• To build student’s awareness of the interconnectedness of international markets through study of local and regional firms that are engaged in international marketing.
  • To make students comfortable with working in teams and public presentation of ideas and research.
  • To provide students with opportunities for friendly and constructive criticism as a means of strengthening your thinking and articulation.
  • To acquaint students with the extant "tools" of international marketing available to global managers, such as the Internet, National Trade Data Bank, Atlas, Compass, US Census Bureau and other government databases that assist in finding and securing opportunities and making global operations more efficient and effective.


Assessable Learning Outcomes
 

At the conclusion of this course, the students should be able to:
1. Describe and discuss the strategic role of the international marketing function and its impact on overall corporate performance
2. Describe and discuss the principles of economic, cultural, social, political, legal, and regulatory environments that impact international marketing decisions
3. Describe and discuss the principles international market entry strategies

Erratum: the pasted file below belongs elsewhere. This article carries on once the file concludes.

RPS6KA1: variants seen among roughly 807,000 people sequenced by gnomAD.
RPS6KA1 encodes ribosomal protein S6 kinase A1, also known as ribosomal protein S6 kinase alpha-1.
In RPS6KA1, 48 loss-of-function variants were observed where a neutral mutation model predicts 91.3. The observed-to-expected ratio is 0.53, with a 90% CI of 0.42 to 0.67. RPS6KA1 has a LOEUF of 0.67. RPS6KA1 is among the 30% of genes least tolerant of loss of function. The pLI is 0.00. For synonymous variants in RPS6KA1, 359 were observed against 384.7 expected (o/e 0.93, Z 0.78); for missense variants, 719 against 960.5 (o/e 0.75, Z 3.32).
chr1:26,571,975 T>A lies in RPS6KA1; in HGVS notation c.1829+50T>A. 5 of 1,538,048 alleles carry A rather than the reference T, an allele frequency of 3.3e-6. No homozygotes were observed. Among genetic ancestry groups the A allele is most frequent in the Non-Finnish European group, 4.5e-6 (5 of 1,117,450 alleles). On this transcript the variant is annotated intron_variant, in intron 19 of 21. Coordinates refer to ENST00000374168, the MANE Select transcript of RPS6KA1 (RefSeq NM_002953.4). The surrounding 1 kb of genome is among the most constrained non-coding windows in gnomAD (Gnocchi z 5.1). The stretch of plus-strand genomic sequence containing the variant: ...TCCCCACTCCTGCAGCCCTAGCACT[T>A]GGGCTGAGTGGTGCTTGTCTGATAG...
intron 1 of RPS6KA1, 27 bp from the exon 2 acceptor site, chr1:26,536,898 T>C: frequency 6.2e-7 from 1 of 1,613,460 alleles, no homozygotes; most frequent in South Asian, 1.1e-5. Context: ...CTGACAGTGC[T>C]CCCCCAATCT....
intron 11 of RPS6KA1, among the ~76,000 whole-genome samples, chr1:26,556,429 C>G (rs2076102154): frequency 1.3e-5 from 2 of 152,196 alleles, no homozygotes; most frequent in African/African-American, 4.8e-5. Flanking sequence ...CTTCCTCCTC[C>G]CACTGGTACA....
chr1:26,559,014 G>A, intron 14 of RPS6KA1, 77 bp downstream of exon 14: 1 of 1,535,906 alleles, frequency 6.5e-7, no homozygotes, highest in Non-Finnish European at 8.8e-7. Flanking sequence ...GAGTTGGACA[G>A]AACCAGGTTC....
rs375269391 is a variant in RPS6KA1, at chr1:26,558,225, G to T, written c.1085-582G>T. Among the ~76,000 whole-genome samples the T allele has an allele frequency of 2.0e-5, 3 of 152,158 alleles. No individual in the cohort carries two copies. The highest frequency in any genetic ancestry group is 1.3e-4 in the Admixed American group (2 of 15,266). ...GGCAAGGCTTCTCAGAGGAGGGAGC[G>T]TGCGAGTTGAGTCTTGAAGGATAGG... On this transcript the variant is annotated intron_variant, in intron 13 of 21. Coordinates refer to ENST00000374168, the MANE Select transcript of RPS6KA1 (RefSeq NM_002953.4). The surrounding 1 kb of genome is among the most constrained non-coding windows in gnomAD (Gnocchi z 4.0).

4. Describe and discuss the principles of product decisions in the international markets
5. Describe and discuss the principles of pricing decisions in the international markets
6. Describe and discuss the principles of distribution decisions in the international markets
7. Describe and discuss the principles of marketing communication decisions in the international markets
8. Describe and discuss the principles of social and ethical responsibilities in international markets
9. Additionally, the student will have gained experience in significant decision-making and problem-solving skills in international markets as evidenced in an integrated term project


Suggested Teaching Methodology

 

A mix of lectures, discussions, exercises, problem assignments, group projects, term papers, computer-based simulations, role-playing exercises, and cases could be used as pedagogical tools. To benefit fully from the course students should be expected to assume the role of active participants.

 

Prerequisite Knowledge and Skills
 

This upper level marketing course can be taken during the third or fourth year of the marketing and management degree program. Students must have attained the learning objectives of MKMG-212, Marketing. Specifically, they must demonstrate an understanding of the core concepts of marketing, verbal, non-verbal, and written communication skills, and a basic understanding of marketing ethics and social responsibility. Further, students should be able to function productively in a team, demonstrating leadership capabilities when appropriate. Students must be able to utilize the Internet and computer software to prepare professional looking documents and presentations.

Specific Prerequisite Courses


Marketing Concepts and Issues [MKMG-212 at Siena] or Equivalent.
Principles of economics (Micro) [ECON – 101 at Siena] or Equivalent

THESE COURSES SHOULD NOT BE TAKEN CONCURRENTLY WITH INTERNATIONAL MARKETING.